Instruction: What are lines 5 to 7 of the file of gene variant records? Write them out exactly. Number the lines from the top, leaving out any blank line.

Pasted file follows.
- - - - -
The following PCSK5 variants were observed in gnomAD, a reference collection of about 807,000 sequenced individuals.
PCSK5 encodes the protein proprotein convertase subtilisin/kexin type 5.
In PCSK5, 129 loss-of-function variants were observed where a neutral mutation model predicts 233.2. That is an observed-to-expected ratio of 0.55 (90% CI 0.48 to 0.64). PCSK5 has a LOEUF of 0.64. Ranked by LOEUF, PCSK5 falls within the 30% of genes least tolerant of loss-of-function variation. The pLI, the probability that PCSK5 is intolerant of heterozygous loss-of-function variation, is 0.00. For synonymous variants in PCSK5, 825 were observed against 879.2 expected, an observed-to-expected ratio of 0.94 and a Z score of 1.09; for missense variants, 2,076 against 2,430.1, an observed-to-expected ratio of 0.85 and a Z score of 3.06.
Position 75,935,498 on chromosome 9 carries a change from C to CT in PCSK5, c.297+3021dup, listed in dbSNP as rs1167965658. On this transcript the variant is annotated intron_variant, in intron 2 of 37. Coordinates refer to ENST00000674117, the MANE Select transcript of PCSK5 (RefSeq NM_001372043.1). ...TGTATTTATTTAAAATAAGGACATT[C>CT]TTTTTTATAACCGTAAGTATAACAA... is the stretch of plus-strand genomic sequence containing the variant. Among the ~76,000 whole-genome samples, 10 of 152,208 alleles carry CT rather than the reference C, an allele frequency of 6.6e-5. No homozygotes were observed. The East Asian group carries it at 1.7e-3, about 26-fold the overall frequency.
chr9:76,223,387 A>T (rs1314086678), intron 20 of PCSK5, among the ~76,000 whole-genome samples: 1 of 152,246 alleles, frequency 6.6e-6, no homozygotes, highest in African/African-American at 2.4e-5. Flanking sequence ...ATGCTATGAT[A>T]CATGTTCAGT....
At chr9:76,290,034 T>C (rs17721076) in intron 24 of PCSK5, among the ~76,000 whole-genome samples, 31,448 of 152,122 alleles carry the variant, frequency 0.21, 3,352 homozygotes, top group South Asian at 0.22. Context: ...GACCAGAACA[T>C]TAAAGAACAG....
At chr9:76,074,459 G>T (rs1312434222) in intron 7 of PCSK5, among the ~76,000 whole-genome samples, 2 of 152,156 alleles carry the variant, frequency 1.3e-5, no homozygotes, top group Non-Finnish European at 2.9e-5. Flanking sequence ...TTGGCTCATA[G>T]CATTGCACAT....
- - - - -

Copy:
chr9:76,223,387 A>T (rs1314086678), intron 20 of PCSK5, among the ~76,000 whole-genome samples: 1 of 152,246 alleles, frequency 6.6e-6, no homozygotes, highest in African/African-American at 2.4e-5. Flanking sequence ...ATGCTATGAT[A>T]CATGTTCAGT....
At chr9:76,290,034 T>C (rs17721076) in intron 24 of PCSK5, among the ~76,000 whole-genome samples, 31,448 of 152,122 alleles carry the variant, frequency 0.21, 3,352 homozygotes, top group South Asian at 0.22. Context: ...GACCAGAACA[T>C]TAAAGAACAG....
At chr9:76,074,459 G>T (rs1312434222) in intron 7 of PCSK5, among the ~76,000 whole-genome samples, 2 of 152,156 alleles carry the variant, frequency 1.3e-5, no homozygotes, top group Non-Finnish European at 2.9e-5. Flanking sequence ...TTGGCTCATA[G>T]CATTGCACAT....